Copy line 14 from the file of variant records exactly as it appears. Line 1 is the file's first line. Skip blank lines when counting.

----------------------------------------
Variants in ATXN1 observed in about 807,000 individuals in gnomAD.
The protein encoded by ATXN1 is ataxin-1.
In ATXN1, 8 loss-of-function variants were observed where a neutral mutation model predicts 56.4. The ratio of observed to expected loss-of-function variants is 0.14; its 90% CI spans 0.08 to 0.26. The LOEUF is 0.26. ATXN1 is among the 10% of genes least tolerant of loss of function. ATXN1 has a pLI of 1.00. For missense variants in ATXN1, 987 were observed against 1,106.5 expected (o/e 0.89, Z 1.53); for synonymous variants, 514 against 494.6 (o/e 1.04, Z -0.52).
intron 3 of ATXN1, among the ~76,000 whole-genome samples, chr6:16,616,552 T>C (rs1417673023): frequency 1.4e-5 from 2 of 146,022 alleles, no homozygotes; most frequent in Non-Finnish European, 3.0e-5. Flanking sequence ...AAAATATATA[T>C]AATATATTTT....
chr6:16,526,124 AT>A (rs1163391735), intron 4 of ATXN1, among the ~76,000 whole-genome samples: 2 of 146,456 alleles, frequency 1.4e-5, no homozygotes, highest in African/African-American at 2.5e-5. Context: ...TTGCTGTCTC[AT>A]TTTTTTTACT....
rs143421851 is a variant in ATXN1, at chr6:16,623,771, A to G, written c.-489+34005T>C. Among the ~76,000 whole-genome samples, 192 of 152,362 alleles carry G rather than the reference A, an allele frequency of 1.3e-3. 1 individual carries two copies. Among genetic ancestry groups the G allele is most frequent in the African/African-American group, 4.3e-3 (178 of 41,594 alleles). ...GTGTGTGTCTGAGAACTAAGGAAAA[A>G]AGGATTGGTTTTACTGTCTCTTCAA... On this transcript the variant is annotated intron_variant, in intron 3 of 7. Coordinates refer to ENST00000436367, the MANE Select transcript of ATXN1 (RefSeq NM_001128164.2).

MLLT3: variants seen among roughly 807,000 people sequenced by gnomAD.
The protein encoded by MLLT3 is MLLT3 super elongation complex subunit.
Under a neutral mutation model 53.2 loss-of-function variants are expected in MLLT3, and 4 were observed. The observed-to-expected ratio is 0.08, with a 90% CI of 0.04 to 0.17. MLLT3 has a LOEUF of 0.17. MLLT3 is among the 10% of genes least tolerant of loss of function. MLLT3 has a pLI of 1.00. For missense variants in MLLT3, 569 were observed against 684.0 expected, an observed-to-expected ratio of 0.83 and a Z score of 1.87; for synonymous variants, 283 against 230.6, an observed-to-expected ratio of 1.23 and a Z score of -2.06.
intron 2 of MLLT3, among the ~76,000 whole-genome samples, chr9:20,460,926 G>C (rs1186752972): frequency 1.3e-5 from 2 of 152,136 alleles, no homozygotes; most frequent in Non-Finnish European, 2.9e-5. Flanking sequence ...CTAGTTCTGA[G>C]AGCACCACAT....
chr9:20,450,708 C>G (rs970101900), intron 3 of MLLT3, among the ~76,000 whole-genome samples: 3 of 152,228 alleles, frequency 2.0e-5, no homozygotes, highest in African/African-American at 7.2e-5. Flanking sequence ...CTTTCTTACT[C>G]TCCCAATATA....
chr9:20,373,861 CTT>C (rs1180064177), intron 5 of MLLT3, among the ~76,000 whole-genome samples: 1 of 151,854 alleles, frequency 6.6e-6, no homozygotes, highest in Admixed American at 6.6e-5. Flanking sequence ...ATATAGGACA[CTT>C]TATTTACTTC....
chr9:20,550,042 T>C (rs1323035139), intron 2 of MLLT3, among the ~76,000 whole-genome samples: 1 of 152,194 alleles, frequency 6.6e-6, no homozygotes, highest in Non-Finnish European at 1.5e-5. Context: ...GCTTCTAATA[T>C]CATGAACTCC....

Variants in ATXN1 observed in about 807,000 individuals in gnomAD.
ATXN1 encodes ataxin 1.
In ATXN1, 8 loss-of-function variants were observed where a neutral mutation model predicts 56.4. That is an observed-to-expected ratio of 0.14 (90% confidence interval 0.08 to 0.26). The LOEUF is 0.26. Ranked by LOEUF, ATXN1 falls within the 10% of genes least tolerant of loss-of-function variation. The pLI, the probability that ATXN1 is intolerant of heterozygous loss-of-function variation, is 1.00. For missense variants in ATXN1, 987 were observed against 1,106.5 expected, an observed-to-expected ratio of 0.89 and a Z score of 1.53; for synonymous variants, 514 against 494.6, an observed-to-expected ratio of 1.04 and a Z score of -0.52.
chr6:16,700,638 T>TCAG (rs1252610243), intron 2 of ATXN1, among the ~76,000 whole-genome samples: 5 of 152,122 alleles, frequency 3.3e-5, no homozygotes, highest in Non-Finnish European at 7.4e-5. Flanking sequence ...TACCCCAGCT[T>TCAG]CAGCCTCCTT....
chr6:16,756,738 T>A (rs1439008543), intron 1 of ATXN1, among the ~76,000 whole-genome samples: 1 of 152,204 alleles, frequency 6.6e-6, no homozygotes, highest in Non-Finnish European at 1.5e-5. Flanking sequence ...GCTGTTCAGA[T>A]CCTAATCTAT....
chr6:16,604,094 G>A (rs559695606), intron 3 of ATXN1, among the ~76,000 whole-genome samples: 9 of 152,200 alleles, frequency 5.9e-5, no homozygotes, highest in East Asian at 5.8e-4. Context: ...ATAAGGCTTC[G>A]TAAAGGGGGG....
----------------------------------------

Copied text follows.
Variants in ATXN1 observed in about 807,000 individuals in gnomAD.